For nearly two decades, Lisa Dunseth loved her job at San Francisco’s main public library, particularly her final seven years in the rare books department.

But like many librarians, she saw plenty of chaos. Patrons racked by untreated mental illness or high on drugs sometimes spit on library staffers or overdosed in the bathrooms. She remembers a co-worker being punched in the face on his way back from a lunch break. One afternoon in 2017, a man jumped to his death from the library’s fifth-floor balcony.

Dunseth retired the following year at age 61, making an early exit from a nearly 40-year career.

“The public library should be a sanctuary for everyone,” she said. The problem was she and many of her colleagues no longer felt safe doing their jobs.

Via: Library Link of the Day, http://www.tk421.net/librarylink/  (archive, rss, subscribe options)

Editor’s Note: Read more, see link below for original item…

Source: https://www.salon.com/2022/08/24/from-book-stacks-to-psychosis-and-stamps-librarians-confront-a-new-workplace_partner/

The 20 cutest dog breeds, according to science | Salon.com

What do Jack Russell Terrier and “The Batman” star Robert Pattinson have in common?

By Michele Debczak, Published June 26, 2022 8:00PM (EDT)

Gorgeous Samoyed smiling for photo (Getty Images/zhao hui)

Sorry, dog owners: Insisting your pet is the cutest creature on Earth doesn’t necessarily make it true.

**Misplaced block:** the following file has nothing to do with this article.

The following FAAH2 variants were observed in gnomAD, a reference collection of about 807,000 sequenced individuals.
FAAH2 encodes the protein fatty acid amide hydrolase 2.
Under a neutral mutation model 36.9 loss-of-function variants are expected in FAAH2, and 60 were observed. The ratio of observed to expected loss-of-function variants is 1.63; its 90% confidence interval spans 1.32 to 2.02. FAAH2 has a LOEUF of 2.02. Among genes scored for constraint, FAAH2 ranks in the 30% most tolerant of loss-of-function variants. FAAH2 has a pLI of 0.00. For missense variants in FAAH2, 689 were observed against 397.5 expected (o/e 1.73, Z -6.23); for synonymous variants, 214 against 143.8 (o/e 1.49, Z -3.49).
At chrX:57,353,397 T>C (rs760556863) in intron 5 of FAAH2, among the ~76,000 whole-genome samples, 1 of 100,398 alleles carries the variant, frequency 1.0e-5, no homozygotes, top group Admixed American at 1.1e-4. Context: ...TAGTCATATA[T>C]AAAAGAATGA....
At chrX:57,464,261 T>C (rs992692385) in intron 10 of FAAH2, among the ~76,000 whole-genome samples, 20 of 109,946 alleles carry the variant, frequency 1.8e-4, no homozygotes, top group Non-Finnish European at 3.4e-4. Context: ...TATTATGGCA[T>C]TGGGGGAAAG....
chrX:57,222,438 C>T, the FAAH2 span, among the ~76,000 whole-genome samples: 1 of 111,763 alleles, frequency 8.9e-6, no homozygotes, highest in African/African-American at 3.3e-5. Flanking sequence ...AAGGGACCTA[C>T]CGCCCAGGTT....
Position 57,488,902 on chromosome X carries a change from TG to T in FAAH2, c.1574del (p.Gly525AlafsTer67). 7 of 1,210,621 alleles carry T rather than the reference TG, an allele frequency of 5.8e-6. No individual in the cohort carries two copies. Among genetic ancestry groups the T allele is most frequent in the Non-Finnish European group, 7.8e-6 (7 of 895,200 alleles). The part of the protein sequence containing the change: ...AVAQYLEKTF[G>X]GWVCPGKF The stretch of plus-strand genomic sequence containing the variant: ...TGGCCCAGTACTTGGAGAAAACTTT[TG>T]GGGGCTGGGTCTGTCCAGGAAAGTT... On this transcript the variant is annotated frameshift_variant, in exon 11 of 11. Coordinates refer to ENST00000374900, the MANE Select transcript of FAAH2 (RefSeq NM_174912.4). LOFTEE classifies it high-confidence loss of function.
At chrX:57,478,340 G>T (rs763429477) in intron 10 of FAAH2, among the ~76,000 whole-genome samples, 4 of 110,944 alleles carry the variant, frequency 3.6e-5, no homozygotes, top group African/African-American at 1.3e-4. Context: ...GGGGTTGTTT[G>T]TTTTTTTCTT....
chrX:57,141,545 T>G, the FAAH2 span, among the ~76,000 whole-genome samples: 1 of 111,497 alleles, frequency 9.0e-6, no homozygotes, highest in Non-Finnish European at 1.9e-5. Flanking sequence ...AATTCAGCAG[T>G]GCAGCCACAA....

Some dog breeds are objectively more adorable than others—at least according to a mathematical ratio that appears frequently in art and nature.

To quantify cuteness in dog breeds, MoneyBeach judged their face shapes against the Golden Ratio. This number (1.618 when rounded) shows up when the ratio of two quantities is the same as the ratio of their sum to the larger of the two quantities. Put more simply, it’s when the smaller is to the larger as the larger is to the whole.

Even if you can’t grasp the math behind it, you likely respond to the Golden Ratio when you see it. It appears in such aesthetic marvels as nautilus shells, Leonardo da Vinci’s “Vitruvian Man,” and Robert Pattinson’s face. The facial configurations of many dog breeds also approach this magic number.

Source: The 20 cutest dog breeds, according to science | Salon.com

Appreciating the mystery of “Endeavour” as the detective prequel approaches the end | Salon.com

After 10 years as the youthful version of a great TV detective, have we taken Shaun Evans’ Morse for granted?

By Melanie McFarland, Published June 19, 2022 3:30PM (EDT)

Shaun Evans as Morse in “Endeavor” (Courtesy of Mammoth Screen and MASTERPIECE)

Sometimes I contemplate an alternate timeline where “Sherlock” never existed and wonder whether “Endeavour” and its star Shaun Evans may have claimed whatever secret chamber in our hearts that Benedict Cumberbatch’s detective conquered.

The two detectives have a few things in common, after all. Sherlock Holmes and Endeavour Morse are two of many crime-solvers adapted from literature featured under the “Masterpiece Mystery!” tent recently interpreted as younger men in their prime.

Each has a long relationship with television, although Holmes’ overcoat has been worn by an assortment of actors. Morse is associated with two: Evans and the late John Thaw, who originated the character in “Inspector Morse,” which aired from 1987 through 1993, and was revived for five special installments that ran between 1995 and 2000.

Source: Appreciating the mystery of “Endeavour” as the detective prequel approaches the end | Salon.com